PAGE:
Nooks and Crannies - PDF document

Nooks and Crannies
Nooks and Crannies

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A Green Hearts essay by Ken Finch Autumn 2012 I t brought the fear tinged euphoria of a carnival ride and the oscillating peace of a rocking chair x2014 neatly paralleling the little world arou ID: 332853 Download Pdf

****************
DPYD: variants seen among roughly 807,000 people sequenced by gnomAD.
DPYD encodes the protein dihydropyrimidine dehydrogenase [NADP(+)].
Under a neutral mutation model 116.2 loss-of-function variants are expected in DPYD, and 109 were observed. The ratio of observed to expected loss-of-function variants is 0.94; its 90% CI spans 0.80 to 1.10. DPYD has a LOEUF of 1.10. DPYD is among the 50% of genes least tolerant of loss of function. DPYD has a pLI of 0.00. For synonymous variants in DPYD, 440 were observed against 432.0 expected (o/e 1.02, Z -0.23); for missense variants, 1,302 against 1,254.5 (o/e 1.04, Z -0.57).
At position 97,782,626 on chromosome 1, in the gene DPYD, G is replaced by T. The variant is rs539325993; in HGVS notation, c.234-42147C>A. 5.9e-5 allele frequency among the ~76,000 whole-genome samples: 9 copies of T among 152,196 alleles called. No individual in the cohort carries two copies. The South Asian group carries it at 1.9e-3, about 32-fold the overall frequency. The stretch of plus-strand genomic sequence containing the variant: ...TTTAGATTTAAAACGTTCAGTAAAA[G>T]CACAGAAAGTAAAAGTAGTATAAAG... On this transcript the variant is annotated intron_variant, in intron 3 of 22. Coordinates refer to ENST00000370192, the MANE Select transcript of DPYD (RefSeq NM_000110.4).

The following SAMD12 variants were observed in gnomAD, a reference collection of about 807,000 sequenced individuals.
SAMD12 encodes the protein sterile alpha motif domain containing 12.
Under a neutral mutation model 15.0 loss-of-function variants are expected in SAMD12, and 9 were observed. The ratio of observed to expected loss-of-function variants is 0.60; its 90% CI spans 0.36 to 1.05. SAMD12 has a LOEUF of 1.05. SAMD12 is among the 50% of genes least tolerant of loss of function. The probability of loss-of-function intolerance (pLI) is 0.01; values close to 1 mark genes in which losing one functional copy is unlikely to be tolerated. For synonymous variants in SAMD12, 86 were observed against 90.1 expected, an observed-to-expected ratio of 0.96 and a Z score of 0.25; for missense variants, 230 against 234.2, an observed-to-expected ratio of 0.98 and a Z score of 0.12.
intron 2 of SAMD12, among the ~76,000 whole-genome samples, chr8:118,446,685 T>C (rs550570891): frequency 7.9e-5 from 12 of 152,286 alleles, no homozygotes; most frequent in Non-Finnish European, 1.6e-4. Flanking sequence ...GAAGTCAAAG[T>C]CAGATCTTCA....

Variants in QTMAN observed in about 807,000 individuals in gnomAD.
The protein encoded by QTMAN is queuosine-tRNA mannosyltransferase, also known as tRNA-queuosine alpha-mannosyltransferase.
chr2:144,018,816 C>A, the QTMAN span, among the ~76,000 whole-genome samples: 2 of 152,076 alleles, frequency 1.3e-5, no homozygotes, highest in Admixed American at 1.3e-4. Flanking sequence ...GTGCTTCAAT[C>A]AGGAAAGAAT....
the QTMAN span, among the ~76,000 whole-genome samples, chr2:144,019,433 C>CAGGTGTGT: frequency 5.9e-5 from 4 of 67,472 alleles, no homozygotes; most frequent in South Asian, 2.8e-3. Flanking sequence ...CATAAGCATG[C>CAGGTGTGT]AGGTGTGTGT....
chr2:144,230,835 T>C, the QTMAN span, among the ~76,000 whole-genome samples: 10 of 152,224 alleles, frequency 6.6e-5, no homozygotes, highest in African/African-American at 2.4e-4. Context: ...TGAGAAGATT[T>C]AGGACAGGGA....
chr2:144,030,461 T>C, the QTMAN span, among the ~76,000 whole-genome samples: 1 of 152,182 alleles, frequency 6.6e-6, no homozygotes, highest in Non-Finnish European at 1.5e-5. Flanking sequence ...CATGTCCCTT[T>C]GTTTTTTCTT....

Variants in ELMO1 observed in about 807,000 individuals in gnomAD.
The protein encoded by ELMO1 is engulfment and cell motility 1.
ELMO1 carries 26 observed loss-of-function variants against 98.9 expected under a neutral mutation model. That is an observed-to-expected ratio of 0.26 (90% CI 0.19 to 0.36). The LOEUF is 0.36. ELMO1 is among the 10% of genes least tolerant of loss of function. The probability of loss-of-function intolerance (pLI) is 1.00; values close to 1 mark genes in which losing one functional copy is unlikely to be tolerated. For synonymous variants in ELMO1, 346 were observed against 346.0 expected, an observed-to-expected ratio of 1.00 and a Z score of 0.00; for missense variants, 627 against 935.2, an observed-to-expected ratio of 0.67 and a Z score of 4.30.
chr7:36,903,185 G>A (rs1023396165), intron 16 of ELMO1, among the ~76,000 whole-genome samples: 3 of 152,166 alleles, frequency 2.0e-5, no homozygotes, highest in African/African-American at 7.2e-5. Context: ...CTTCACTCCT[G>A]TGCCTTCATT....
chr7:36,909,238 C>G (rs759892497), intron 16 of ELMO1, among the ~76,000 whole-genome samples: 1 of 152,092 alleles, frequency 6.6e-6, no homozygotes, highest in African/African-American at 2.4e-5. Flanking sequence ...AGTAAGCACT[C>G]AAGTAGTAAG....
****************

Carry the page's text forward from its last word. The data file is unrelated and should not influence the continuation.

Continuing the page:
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Nooks and Crannies A Green Hearts essay by Ken Finch Autumn 2012 I t brought the fear - tinged euphoria of a carnival ride and the oscillating peace of a rocking chair — neatly paralleling the little world around it, where hazy blue skies and softly cooing doves contrasted sharply with lurking black widows and the humming danger of stacked bee hives. “It” was the tallest swing in the world, with a long, flowing arc that so easily induced daydreaming. Here, in my grandparents’ Arizona backyard, grade - school me swung away hours, while my mind molded the delights and dangers into a lasting memory of a place that I loved. That house and yard beckoned me throughout years of family visits. It was just nine blocks from Mexico, yet I remember rare co ld snaps that created an unlikely play challenge: trying to lift the disc of ice, intact, out of Gramps’ concrete bird bath. Why was that fun? Why do I even remember that? Who knows?! I was a kid. My mind, my values, and my joys were all a work in pr ogress. I also smile at the recollection of the two front porch swings — always shady and enticing, with a fine view of the world passing by. And I recall the lizards with the tails that would break off if you grabbed them — tails that kept wriggling whi le the now - stub - ended reptiles scurried off to safety. No failure there: the writhing tail was almost as much fun as catching the whole animal! A half century later, my surviving memories of that place are all good: the swings, the lizards, the bees, t he spiders, the heat, and the ice. There must have also been lawn, shrubs, flowers, and toys, though I don’t recall them. Instead, I find myself wondering what mnemonic filter sifted those experiences down into the ones that remain in the storage bays of my adult mind. There are so many influences on our childhoods; who could even catalog them, much less predict which ones will have the greatest impact? But the ones that do “stick” can be surprising; they’re not necessarily the experiences that parents think are most powerful! On the many Southwest trips of my youth (for we lived in nearby California), I visited spectacular places like the Grand Canyon, Zion, Bryce, Sedona, and the Chiricahuas. Yet my best, warmest memories of those family vacations are of that Arizona backyard and its wonderful, sky - scraping swing. How about you? What childhood play do you recall most passionately? Was it swimming pools, mini - golf, sports leagues, and school carnivals? Or was it tiny outdoor adventures that delight ed you: the ones that brought discoveries, challenges, fears, and quiet time? Perhaps it was even the ambitious nature “expeditions” that you enjoyed alone or with a buddy, without an adult in sight.... No algorithm can calculate which early - life experi ences will crystalize into core facets of who we are, what we love, and how we live as adults. But nature has a vital role in the equation, and we must remember that even a seemingly innocuous bit of play can foster powerful memories. We must give our ch ildren plenty of those nooks and crannies of nature - based play; plenty of chances to revel in everyday wonders and delight in tiny epiphanies. Thankfully, nature doesn’t need to be sensational in or der to impact children’s lives — but it must be a regular and positive part of their worlds. It needs to be familiar and friendly, mysterious and magical, comfortable and comforting. Certainly it won ’t much resemble other play sites, like ball fields and standard - issue playgrounds. Instead it will more likely look like tall swings, small beasts, a few fears, and bird baths full of ice. It will look a lot like my Gramp’s yard did, and like any family yard should. 2012 Green Hearts Institute for Nature in Childhood

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